Passing the baton on: the next step in church planting

‘We have the baton. We’ll take it from here!’ said the Kaobu [1] leaders. They knew our team had been working to reach every Kaobu village with the gospel, but now they were telling us they would do the rest. What a wonderful thing to hear!

Our team was formed in 2004 to catalyse locally led church planting movements among two related people groups in the Mekong region.

There were no known Christians among these groups, and no one was sharing the gospel with them. They were hard to reach and had long-standing traditions of spirit worship.

Initial research trips into the area frequently saw locals running to their huts with fear of the strange foreigners who were there prayer walking. Local legends said white people would eat their souls and steal their children. Not a great starting point!

It helped that our team was determined to encourage and support Christians from nearby tribes to share Jesus with these groups. As no one in these groups reads or writes, we used a completely oral approach to evangelism, discipleship and church planting. This included raising up leaders who were also illiterate farmers. We would leave the issue of literacy to others who would come later.

Training for discipleship

In mid-2005 people began to turn to Christ. By 2012 there were over 1,000 Christians in these groups and numerous churches. In monthly training sessions for the leaders, we used Bible story sets, along with radio broadcasts and media to train disciples. As the numbers grew in each village we told them only to send their three or four leaders for monthly training. We did not appoint leaders because as outsiders we felt we didn’t really know the true situation. As it turned out, the first leader we would have chosen did not follow Jesus for long.

As churches and leaders grew, they planted new churches. At training sessions, we modelled worship, prayer for healing and deliverance, Bible story-telling and practising the stories so that everyone could retell them. Even before the pandemic in 2020, our team had entered into the final phase of the church planting model ‘Model, Assist, Watch and Leave or Launch’. We had already shifted our main efforts to a different group in the region.

Handing over

In 2018, it was clear the time had come for our team to move on. Over 150 disciples attended the conference that year. From the beginning, we had emphasised that the baton was in their hand so the transition was actually natural and relatively easy. The way we did things the leaders knew it was their movement. Although their spiritual fathers may be in a neighbouring country, they didn’t consider it a foreign movement. They didn’t expect anything from us. They were truly Three-Self churches – self-governing, self-supporting and self-propagating.[2]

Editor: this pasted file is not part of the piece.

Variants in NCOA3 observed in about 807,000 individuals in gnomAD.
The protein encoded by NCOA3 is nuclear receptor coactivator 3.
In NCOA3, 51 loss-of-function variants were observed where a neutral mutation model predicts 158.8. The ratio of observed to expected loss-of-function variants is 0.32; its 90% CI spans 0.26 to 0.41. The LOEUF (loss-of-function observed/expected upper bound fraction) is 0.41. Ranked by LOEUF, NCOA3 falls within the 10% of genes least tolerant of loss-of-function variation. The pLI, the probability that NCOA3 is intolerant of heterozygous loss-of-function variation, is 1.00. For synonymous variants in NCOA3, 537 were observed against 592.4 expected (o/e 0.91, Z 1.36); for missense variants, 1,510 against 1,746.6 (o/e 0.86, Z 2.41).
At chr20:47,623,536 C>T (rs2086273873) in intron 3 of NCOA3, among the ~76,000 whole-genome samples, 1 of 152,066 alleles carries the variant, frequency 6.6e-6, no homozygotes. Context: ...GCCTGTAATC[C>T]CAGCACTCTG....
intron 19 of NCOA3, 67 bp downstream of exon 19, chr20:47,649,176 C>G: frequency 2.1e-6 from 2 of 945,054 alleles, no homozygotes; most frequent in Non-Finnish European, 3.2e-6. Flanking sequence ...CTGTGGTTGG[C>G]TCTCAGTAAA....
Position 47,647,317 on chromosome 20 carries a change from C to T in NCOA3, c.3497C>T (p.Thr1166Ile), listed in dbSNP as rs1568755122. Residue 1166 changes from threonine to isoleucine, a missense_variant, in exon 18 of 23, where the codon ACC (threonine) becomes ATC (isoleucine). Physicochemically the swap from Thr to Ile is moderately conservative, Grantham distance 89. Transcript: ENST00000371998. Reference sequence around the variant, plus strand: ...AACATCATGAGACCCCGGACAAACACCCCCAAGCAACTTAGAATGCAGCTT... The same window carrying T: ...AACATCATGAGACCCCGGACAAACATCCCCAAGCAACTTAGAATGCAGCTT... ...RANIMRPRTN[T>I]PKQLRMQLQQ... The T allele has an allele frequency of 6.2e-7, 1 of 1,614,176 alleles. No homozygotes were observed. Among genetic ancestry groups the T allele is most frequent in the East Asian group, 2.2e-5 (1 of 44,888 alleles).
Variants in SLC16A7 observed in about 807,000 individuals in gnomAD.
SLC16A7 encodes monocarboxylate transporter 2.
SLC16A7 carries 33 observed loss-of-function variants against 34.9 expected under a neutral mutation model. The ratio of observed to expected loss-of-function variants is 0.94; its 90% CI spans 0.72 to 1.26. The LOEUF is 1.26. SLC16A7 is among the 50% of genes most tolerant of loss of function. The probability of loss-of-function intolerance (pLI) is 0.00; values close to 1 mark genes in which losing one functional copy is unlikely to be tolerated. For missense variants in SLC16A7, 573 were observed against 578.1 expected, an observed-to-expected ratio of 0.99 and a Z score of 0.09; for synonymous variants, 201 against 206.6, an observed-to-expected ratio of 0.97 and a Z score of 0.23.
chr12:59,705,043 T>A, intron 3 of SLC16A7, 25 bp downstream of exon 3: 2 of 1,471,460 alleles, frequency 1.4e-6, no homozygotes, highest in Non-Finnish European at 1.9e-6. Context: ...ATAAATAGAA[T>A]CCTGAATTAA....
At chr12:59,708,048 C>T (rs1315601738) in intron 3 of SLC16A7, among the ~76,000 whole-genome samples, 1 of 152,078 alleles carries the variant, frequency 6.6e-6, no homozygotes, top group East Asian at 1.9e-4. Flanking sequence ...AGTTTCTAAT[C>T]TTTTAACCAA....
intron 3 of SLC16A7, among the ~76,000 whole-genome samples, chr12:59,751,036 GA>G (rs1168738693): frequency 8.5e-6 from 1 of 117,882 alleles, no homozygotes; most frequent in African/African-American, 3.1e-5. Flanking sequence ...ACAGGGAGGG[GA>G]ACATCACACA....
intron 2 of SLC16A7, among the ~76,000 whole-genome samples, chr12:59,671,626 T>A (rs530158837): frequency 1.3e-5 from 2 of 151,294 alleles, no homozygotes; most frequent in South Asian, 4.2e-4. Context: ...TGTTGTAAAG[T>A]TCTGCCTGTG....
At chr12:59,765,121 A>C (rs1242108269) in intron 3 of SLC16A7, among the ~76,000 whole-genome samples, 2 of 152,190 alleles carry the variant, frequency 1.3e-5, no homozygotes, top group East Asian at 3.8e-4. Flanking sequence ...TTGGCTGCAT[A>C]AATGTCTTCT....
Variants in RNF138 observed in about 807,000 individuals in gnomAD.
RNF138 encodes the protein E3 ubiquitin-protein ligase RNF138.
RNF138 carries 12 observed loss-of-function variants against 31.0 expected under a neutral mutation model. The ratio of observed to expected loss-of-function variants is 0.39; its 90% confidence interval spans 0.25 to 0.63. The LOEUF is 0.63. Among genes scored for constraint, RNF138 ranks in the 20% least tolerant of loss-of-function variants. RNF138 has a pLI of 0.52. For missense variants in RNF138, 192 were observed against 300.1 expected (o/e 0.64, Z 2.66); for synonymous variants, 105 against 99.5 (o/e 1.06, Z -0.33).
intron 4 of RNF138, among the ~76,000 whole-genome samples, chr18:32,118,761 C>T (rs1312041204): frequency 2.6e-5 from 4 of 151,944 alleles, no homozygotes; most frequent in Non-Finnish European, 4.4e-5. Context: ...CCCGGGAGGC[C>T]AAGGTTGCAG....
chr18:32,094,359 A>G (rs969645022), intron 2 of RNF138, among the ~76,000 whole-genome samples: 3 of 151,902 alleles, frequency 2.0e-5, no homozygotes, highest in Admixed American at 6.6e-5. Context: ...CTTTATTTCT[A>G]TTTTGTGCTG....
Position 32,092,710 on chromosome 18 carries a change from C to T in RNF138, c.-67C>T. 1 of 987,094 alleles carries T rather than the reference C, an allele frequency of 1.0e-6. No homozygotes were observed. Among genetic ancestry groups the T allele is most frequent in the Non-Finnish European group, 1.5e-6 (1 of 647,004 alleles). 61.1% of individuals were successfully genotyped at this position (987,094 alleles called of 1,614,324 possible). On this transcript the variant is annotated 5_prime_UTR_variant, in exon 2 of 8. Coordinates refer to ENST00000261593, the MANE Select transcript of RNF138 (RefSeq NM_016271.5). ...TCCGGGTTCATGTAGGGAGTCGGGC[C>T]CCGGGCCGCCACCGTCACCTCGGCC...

We had taught them how to gather, and their churches were growing in number, health and the knowledge and grace of God. The leaders were meeting monthly on their own and had been doing a yearly master plan with us for several years. They began doing their own annual plan and would show us for input and comment, but not for approval or funding. They funded their own existence and expansion. In fact, they sent donations to us several times.

In 2022 I spoke to one Kabou man whose story encouraged me greatly. Around 2005 I led a prayer walking team to his village. Shortly after that, people started turning to Christ. At that time he was the village headman, or leader, and pressured the new Christians to stop following Jesus. Later, however, he too was converted and later became their pastor. He said over half the village had become Christian, but they are praying for and reaching out to the remainder to come to faith too. After hearing about our team’s fruitful drug rehabilitation ministry elsewhere in the region, they recently started a similar ministry to help people in a village where they want to plant a new church.

In the Leave/Launch phase, we still need to be available to give guidance just like the apostle Paul’s team in Acts. For example, some church leaders called recently with questions about the theology of medicine. One teacher had told them they would lose their salvation if they were vaccinated. Each phase of this church planting movement has brought them different questions and problems as they grow into the fullness that God has planned for the Kaobu church in the Mekong region.

Pray with us for:

  • Pray for Kaobu churches to continue growing and spreading to the remaining villages
  • The Kaobu to have God’s heart for other groups around them yet to hear of Jesus
  • Fruit from the drug rehabilitation ministries

Notes

1 Name of people group changed for security.

2 The three principles were first articulated by missionaries Henry Venn, and Rufus Anderson in the late 19th century.

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